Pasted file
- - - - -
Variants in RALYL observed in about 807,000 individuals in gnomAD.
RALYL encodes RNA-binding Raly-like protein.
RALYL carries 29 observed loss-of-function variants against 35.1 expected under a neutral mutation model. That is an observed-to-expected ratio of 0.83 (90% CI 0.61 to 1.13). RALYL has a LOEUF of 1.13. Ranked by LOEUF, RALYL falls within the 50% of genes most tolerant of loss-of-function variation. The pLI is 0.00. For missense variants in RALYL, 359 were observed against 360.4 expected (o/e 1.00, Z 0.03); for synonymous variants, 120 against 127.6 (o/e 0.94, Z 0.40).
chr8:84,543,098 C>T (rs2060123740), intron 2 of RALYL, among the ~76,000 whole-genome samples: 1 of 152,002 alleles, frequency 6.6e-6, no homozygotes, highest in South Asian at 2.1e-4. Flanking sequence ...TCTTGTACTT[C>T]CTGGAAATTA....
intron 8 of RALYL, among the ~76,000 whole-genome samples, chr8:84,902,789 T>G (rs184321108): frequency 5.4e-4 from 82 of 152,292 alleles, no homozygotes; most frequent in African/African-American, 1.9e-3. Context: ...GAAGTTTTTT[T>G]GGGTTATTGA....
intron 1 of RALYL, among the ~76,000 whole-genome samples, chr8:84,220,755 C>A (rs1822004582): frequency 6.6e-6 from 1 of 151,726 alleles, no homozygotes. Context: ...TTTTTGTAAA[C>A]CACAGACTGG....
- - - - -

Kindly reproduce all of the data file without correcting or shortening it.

Variants in RALYL observed in about 807,000 individuals in gnomAD.
RALYL encodes RNA-binding Raly-like protein.
RALYL carries 29 observed loss-of-function variants against 35.1 expected under a neutral mutation model. That is an observed-to-expected ratio of 0.83 (90% CI 0.61 to 1.13). RALYL has a LOEUF of 1.13. Ranked by LOEUF, RALYL falls within the 50% of genes most tolerant of loss-of-function variation. The pLI is 0.00. For missense variants in RALYL, 359 were observed against 360.4 expected (o/e 1.00, Z 0.03); for synonymous variants, 120 against 127.6 (o/e 0.94, Z 0.40).
chr8:84,543,098 C>T (rs2060123740), intron 2 of RALYL, among the ~76,000 whole-genome samples: 1 of 152,002 alleles, frequency 6.6e-6, no homozygotes, highest in South Asian at 2.1e-4. Flanking sequence ...TCTTGTACTT[C>T]CTGGAAATTA....
intron 8 of RALYL, among the ~76,000 whole-genome samples, chr8:84,902,789 T>G (rs184321108): frequency 5.4e-4 from 82 of 152,292 alleles, no homozygotes; most frequent in African/African-American, 1.9e-3. Context: ...GAAGTTTTTT[T>G]GGGTTATTGA....
intron 1 of RALYL, among the ~76,000 whole-genome samples, chr8:84,220,755 C>A (rs1822004582): frequency 6.6e-6 from 1 of 151,726 alleles, no homozygotes. Context: ...TTTTTGTAAA[C>A]CACAGACTGG....